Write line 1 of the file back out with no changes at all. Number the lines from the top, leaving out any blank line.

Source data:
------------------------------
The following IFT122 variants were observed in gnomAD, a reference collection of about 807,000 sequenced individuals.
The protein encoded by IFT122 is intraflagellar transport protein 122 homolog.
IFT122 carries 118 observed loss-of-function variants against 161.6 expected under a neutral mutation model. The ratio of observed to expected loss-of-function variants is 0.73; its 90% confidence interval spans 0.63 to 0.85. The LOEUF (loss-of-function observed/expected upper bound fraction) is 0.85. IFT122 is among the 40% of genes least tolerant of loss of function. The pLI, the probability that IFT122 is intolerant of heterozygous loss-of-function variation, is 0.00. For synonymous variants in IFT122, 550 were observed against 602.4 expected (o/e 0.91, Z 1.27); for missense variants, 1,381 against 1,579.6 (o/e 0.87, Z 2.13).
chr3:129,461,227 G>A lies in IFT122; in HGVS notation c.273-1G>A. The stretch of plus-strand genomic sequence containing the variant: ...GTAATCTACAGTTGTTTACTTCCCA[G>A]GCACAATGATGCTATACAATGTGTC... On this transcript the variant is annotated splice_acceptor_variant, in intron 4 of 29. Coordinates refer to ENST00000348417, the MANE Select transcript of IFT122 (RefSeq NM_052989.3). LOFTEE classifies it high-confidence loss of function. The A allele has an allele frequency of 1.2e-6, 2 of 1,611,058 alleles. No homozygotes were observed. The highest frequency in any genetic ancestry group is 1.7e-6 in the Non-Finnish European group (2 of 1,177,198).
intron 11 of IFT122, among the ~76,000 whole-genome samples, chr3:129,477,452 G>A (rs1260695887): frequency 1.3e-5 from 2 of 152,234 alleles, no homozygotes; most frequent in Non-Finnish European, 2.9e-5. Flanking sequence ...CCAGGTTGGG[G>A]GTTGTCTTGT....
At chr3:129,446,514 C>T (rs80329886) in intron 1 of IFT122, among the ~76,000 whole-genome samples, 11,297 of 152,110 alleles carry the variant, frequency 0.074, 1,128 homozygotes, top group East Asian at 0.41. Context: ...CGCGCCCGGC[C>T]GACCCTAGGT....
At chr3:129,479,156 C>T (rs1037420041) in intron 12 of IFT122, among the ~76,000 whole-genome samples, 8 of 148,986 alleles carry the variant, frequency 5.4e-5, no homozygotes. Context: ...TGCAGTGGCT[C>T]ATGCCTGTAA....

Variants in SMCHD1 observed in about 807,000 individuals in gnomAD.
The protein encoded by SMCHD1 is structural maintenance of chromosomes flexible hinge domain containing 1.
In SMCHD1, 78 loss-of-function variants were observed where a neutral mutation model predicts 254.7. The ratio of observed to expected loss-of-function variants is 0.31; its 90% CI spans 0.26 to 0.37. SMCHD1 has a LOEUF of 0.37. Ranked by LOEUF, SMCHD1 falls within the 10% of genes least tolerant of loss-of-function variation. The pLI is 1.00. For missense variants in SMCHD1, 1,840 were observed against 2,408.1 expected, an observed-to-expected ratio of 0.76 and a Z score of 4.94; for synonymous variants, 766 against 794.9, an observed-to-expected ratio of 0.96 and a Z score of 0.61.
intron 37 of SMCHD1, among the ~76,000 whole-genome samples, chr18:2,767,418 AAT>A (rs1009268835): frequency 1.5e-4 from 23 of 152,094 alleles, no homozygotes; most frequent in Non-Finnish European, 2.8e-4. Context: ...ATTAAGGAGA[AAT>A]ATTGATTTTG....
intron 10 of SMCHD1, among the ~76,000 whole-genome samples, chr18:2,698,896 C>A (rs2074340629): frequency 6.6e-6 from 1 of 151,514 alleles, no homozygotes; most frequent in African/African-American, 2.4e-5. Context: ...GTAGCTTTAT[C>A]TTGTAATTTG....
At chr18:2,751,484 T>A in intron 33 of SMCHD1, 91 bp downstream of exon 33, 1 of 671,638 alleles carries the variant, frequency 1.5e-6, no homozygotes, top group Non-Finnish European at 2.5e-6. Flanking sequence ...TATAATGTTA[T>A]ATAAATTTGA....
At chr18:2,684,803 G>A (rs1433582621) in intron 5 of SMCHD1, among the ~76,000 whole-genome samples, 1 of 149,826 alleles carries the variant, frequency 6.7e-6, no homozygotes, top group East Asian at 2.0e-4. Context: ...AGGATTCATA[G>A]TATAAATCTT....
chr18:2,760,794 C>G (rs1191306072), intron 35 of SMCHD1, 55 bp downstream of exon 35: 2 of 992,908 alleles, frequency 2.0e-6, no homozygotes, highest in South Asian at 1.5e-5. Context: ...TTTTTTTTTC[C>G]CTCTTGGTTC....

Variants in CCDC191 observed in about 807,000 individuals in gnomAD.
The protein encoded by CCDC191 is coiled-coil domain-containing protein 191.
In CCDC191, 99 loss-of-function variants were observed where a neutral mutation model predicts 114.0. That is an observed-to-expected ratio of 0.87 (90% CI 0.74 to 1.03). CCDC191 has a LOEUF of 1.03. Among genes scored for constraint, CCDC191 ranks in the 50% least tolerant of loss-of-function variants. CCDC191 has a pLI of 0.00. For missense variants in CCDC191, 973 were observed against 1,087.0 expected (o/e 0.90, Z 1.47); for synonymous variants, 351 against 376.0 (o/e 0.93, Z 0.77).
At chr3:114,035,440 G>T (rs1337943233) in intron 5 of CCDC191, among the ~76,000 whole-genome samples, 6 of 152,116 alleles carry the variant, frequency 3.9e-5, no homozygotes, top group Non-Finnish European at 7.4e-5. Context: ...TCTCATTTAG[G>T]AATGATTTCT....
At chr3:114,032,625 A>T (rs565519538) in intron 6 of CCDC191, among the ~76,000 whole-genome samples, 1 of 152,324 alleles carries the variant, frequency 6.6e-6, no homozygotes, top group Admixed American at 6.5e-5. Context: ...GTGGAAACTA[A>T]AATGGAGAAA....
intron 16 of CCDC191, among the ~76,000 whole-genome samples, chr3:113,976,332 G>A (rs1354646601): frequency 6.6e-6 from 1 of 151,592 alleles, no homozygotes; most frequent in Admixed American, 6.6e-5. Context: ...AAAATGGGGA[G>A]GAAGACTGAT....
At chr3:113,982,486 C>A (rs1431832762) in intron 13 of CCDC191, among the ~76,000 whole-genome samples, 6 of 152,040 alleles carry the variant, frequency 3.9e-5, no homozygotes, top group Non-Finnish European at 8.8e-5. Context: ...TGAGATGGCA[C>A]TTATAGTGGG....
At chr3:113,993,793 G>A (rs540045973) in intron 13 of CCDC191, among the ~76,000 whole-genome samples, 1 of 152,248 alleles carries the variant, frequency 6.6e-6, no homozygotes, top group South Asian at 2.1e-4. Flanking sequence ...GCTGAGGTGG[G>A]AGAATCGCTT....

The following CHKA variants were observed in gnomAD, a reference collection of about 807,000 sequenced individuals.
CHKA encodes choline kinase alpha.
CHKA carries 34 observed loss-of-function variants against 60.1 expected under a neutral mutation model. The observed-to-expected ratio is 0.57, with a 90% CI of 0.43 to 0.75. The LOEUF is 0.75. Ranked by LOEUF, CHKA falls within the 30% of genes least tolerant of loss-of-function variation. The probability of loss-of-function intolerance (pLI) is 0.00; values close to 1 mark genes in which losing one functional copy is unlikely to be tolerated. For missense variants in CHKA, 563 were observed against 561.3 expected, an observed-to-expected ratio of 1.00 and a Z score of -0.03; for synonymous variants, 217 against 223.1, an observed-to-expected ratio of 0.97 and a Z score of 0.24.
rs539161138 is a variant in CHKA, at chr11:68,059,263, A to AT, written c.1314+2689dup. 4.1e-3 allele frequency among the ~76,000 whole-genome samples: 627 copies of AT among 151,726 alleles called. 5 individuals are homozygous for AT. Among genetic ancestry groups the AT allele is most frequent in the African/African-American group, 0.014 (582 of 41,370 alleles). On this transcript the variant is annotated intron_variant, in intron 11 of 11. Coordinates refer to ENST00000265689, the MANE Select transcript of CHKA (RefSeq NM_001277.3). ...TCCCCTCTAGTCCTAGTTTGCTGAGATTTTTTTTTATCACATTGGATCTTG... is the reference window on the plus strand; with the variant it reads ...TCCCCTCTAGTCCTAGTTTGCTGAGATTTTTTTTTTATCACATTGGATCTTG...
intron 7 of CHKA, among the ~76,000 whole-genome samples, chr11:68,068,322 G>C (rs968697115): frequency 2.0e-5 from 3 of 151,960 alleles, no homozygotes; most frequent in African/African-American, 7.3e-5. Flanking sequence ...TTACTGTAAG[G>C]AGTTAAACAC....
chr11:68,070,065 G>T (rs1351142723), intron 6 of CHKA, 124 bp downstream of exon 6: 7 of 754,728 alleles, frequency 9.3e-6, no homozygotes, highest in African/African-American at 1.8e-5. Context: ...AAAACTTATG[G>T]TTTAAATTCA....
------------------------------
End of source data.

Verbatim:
The following IFT122 variants were observed in gnomAD, a reference collection of about 807,000 sequenced individuals.